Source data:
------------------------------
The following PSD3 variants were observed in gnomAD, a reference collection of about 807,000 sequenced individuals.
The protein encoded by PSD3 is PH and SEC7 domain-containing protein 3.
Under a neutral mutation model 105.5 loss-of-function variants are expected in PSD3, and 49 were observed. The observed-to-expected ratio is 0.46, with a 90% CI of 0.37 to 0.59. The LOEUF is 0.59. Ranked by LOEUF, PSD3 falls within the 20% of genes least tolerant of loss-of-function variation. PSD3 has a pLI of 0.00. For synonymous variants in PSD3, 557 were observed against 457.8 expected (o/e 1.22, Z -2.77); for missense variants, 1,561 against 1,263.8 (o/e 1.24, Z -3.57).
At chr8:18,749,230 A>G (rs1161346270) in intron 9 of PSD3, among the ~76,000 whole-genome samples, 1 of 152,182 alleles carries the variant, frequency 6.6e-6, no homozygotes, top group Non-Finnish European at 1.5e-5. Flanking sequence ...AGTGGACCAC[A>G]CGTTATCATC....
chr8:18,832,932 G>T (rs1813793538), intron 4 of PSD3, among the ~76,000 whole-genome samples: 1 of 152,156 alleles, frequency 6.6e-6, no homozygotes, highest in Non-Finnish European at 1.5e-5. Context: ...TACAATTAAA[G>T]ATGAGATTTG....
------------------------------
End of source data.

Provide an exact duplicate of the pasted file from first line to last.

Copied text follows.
The following PSD3 variants were observed in gnomAD, a reference collection of about 807,000 sequenced individuals.
The protein encoded by PSD3 is PH and SEC7 domain-containing protein 3.
Under a neutral mutation model 105.5 loss-of-function variants are expected in PSD3, and 49 were observed. The observed-to-expected ratio is 0.46, with a 90% CI of 0.37 to 0.59. The LOEUF is 0.59. Ranked by LOEUF, PSD3 falls within the 20% of genes least tolerant of loss-of-function variation. PSD3 has a pLI of 0.00. For synonymous variants in PSD3, 557 were observed against 457.8 expected (o/e 1.22, Z -2.77); for missense variants, 1,561 against 1,263.8 (o/e 1.24, Z -3.57).
At chr8:18,749,230 A>G (rs1161346270) in intron 9 of PSD3, among the ~76,000 whole-genome samples, 1 of 152,182 alleles carries the variant, frequency 6.6e-6, no homozygotes, top group Non-Finnish European at 1.5e-5. Flanking sequence ...AGTGGACCAC[A>G]CGTTATCATC....
chr8:18,832,932 G>T (rs1813793538), intron 4 of PSD3, among the ~76,000 whole-genome samples: 1 of 152,156 alleles, frequency 6.6e-6, no homozygotes, highest in Non-Finnish European at 1.5e-5. Context: ...TACAATTAAA[G>T]ATGAGATTTG....